In recent years the range of such intervention has vastly expanded, to the point of creating a new type of state, the so-called ‘Welfare State’…excesses and abuse, especially in recent years, have provoked very harsh criticisms of the Welfare State, dubbed the ‘Social Assistance State’. Malfunctions and defects in the Social Assistance State are the result of an inadequate understanding of the tasks proper to the State. Here again the principle of subsidiarity must be respected: a community of a higher order should not interfere in the internal life of a community of a lower order, depriving the latter of its functions, but rather should support it in the case of need and help to coordinate its activity with the activities of the rest of society, always with a view to the common good.

And we can relate this to paragraph 13 of the same encyclical:

Socialism likewise maintains that the good of the individual can be realized without reference to his free choice, to the unique and exclusive responsibility which he exercises in the face of good or evil. Man is thus reduced to a series of social relationships, and the concept of the person as the autonomous subject of moral decision disappears, the very subject whose decisions build the social order…This makes it much more difficult for him to recognize his dignity as a person, and hinders progress towards the building up of an authentic human community.

Pope John Paul II was writing about the general principle of socialism here, but would the point not apply to those parts of our lives where decisions have been socialised, such as healthcare in the UK, and, to a lesser extent, education? The fact that we are deprived of making moral choices guided by practical wisdom in these areas impoverishes us, in certain ways, as human persons.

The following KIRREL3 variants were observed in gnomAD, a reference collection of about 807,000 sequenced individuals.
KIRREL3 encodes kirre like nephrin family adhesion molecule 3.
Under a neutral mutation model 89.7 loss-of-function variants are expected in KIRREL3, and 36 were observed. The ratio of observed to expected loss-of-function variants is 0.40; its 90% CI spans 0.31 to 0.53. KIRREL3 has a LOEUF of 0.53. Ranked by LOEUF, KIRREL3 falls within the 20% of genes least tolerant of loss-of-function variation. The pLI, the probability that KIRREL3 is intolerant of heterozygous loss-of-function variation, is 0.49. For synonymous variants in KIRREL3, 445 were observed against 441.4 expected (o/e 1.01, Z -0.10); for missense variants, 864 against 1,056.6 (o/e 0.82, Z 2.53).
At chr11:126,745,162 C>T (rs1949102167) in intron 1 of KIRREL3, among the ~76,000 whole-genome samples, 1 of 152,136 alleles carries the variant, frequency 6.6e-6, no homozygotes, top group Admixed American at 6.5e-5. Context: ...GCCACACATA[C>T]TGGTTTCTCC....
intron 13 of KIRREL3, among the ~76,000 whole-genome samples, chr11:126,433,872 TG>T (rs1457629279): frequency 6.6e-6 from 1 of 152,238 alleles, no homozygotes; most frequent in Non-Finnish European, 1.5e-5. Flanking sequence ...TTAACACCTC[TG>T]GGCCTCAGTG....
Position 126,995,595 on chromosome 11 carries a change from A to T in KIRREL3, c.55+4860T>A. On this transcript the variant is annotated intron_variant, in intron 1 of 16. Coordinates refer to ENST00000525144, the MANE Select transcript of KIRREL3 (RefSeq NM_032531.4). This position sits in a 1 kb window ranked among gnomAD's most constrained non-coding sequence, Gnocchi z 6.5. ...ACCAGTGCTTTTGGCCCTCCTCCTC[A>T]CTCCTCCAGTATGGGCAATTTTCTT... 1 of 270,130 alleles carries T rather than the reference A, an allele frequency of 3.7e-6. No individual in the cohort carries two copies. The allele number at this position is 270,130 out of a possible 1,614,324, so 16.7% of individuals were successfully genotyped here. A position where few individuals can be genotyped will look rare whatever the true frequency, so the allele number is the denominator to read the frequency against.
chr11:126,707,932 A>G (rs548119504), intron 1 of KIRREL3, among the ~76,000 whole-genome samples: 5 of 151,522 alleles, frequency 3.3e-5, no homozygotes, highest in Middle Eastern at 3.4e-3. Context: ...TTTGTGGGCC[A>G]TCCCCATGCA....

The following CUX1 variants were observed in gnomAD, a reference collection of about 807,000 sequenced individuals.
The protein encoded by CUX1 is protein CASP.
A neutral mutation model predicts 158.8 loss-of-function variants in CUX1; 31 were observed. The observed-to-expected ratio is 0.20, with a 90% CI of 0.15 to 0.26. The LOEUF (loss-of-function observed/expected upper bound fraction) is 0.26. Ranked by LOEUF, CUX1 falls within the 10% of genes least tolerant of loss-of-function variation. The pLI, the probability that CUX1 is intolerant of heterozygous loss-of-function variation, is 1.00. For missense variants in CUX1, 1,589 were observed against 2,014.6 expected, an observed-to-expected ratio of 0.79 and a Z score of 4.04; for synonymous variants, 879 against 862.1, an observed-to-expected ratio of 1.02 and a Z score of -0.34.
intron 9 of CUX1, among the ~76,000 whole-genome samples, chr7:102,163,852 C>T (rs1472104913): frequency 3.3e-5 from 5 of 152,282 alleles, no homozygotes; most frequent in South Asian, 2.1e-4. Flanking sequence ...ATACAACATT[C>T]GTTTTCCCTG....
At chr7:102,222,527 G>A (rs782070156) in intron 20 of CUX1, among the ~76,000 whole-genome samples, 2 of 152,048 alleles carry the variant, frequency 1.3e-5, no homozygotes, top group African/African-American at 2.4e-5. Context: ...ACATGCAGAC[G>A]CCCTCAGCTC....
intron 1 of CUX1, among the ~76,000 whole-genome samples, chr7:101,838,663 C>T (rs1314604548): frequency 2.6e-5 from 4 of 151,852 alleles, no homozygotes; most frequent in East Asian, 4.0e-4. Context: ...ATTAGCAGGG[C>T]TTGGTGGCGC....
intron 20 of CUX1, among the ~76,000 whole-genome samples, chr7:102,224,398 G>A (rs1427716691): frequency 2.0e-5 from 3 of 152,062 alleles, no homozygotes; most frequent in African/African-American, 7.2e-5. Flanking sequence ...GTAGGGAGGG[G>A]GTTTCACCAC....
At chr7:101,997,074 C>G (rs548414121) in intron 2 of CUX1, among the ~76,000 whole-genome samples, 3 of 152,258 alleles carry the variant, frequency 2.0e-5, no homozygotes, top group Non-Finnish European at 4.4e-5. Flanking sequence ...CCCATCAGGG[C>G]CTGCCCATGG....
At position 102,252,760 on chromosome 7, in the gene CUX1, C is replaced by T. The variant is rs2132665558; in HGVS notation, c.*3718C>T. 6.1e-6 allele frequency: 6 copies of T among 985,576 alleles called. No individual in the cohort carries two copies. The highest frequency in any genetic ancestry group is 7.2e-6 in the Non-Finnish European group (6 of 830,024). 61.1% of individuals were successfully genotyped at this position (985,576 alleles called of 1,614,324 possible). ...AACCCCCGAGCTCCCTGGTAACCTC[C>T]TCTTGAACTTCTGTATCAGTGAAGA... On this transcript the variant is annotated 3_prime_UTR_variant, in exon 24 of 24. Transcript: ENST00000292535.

Exponents of Catholic social teaching sometimes use the language of human rights, for example when advocating universal access to health-care. In my view we need to be very cautious about using such terminology, as human rights are essentially political. In the UK, in the formal sense, they date back to the Bill of Rights 1689, following the overthrow of the absolute Stuart monarch James II, which set out certain basic civil rights and laid down limits to the powers of the monarch. This, in turn, inspired the American Declaration of Independence in 1776, and the use of rights language reached global recognition with the UN Declaration of Human Rights in 1948.

The problem then arises that, since human rights are political devices, any question about human rights implies that the solution lies in political action through the government. This is not consistent with the Church’s social teaching. Indeed, the modern assertion, codified in law, of ‘rights’ to abortion, assisted suicide, and some sexual rights, are surely incompatible with traditional Catholic doctrine and in fact the magisterium has repeatedly clarified that what it means by human rights is very different from the modern secular understanding. For example, in Centesimus annus (47):